Businesses evacuated after chemical spill in Ocean City

Press of Atlantic City | August 06, 2019

Chemicals spilled from a delivery truck in an alley Tuesday in the 700 block between West and Asbury avenues, city officials said. According to city spokesman Doug Bergen, the truck’s driver reported the spill about 11:45 a.m. The liquid was reported as sodium hydroxide and sodium hypochlorite, caustic substances used as drain cleaners and water disinfectants. Nearby businesses were evacuated while cleanup took place because of risks associated with direct contact with the liquid and with breathing fumes from it, Bergen said. The Cape May County Hazmat Unit responded, and Ocean City Public Works provided sand to soak up the chemicals. The delivery company owner contracted with an environmental company to complete the cleanup. The spill was limited to the asphalt of the alley. Bergen said it did not reach any storm drain or permeable surface. The hazardous material, which Bergen said was not part of the delivery to Ocean City, was deep into the cargo area of a delivery truck with multiple destinations.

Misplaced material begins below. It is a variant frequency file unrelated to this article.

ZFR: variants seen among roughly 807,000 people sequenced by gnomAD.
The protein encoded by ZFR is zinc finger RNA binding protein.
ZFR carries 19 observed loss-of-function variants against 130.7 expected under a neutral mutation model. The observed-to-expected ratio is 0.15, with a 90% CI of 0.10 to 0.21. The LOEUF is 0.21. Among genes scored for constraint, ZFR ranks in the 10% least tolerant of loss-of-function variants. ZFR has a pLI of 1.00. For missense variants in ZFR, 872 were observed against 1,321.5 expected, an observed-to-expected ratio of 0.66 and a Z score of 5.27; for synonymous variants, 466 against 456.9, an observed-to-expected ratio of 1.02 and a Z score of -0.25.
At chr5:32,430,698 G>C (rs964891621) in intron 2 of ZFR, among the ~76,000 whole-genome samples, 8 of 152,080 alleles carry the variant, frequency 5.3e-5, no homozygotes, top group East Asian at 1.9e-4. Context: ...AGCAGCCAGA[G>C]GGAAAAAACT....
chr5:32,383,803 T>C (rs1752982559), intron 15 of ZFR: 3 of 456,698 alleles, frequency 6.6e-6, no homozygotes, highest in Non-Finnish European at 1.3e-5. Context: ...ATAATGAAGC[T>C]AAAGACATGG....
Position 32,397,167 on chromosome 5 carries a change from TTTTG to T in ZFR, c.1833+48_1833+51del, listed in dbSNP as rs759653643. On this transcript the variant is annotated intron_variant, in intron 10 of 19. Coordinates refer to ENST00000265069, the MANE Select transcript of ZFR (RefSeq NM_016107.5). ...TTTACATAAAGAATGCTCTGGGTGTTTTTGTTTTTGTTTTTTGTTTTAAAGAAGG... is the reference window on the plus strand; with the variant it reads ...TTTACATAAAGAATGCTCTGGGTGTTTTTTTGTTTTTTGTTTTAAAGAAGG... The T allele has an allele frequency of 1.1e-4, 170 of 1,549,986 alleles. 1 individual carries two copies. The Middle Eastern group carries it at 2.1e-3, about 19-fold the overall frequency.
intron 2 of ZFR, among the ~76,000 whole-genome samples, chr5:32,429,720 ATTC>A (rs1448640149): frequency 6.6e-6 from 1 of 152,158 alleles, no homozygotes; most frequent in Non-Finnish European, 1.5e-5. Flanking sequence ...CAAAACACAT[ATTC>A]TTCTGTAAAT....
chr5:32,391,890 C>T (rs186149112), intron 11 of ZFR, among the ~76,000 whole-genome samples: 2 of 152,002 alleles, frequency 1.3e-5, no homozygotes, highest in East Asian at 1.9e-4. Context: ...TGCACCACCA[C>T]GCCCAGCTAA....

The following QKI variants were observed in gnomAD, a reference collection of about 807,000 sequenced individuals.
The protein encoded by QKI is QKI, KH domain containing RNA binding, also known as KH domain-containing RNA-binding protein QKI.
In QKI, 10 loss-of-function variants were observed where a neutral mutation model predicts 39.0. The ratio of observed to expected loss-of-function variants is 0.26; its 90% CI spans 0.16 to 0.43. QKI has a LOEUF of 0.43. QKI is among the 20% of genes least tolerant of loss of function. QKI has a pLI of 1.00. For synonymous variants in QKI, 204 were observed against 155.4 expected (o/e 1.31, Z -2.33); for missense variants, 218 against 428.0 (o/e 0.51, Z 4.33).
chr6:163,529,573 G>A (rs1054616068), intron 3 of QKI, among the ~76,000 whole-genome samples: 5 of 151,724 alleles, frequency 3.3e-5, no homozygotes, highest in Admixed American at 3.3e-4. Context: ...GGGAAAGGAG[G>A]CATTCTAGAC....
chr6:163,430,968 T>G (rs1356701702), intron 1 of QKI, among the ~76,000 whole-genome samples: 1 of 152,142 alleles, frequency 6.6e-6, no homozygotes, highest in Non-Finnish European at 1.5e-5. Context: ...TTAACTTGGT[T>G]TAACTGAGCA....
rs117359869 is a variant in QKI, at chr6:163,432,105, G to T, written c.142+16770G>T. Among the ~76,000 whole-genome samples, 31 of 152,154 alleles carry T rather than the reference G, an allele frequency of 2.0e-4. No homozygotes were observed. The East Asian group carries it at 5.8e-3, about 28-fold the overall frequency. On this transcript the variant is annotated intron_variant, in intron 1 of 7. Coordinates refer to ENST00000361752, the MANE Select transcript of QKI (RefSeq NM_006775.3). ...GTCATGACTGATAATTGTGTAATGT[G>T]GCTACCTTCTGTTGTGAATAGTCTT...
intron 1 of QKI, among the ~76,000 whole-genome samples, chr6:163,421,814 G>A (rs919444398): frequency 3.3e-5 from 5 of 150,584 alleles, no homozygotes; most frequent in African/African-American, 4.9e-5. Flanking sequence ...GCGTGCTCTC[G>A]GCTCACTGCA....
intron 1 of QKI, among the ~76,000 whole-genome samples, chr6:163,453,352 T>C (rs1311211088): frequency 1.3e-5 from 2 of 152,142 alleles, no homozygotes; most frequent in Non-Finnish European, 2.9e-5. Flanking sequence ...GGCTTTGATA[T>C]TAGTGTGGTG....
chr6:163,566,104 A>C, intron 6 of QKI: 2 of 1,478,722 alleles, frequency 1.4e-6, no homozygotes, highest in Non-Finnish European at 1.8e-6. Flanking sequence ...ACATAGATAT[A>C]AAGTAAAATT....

Spotlight

A recent report estimates over $100 billion of the current global chemicals market, about 3%, are derived from either bio-based feedstock or fermentation or enzymatic conversion or combination of them. This report projected that the share of bio-derived chemicals would grow to about 15% of global chemical sales by 2025. A June 2009 study from the University of Utrecht, as shown in Figure 1, suggests that over 90 % of the global annual production of plastics is technically feasible for substitution by bioplastics. However, it will not be possible to exploit this technical substitution potential in the short to medium term.

Spotlight

A recent report estimates over $100 billion of the current global chemicals market, about 3%, are derived from either bio-based feedstock or fermentation or enzymatic conversion or combination of them. This report projected that the share of bio-derived chemicals would grow to about 15% of global chemical sales by 2025. A June 2009 study from the University of Utrecht, as shown in Figure 1, suggests that over 90 % of the global annual production of plastics is technically feasible for substitution by bioplastics. However, it will not be possible to exploit this technical substitution potential in the short to medium term.

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